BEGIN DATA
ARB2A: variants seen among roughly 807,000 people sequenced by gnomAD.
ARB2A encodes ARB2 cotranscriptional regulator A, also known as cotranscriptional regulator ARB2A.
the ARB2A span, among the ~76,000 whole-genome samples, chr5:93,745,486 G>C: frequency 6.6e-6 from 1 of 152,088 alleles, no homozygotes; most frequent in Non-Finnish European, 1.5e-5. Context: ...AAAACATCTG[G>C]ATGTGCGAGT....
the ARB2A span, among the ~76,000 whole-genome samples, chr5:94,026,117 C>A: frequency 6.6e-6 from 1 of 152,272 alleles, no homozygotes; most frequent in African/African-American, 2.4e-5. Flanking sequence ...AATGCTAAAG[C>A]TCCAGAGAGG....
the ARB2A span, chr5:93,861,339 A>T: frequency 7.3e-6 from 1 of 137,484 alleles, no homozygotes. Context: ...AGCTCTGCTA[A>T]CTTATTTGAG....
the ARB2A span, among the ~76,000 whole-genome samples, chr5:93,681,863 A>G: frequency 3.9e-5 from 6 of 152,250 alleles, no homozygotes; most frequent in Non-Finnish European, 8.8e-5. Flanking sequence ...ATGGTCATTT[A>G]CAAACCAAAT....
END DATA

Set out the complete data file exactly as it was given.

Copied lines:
ARB2A: variants seen among roughly 807,000 people sequenced by gnomAD.
ARB2A encodes ARB2 cotranscriptional regulator A, also known as cotranscriptional regulator ARB2A.
the ARB2A span, among the ~76,000 whole-genome samples, chr5:93,745,486 G>C: frequency 6.6e-6 from 1 of 152,088 alleles, no homozygotes; most frequent in Non-Finnish European, 1.5e-5. Context: ...AAAACATCTG[G>C]ATGTGCGAGT....
the ARB2A span, among the ~76,000 whole-genome samples, chr5:94,026,117 C>A: frequency 6.6e-6 from 1 of 152,272 alleles, no homozygotes; most frequent in African/African-American, 2.4e-5. Flanking sequence ...AATGCTAAAG[C>A]TCCAGAGAGG....
the ARB2A span, chr5:93,861,339 A>T: frequency 7.3e-6 from 1 of 137,484 alleles, no homozygotes. Context: ...AGCTCTGCTA[A>T]CTTATTTGAG....
the ARB2A span, among the ~76,000 whole-genome samples, chr5:93,681,863 A>G: frequency 3.9e-5 from 6 of 152,250 alleles, no homozygotes; most frequent in Non-Finnish European, 8.8e-5. Flanking sequence ...ATGGTCATTT[A>G]CAAACCAAAT....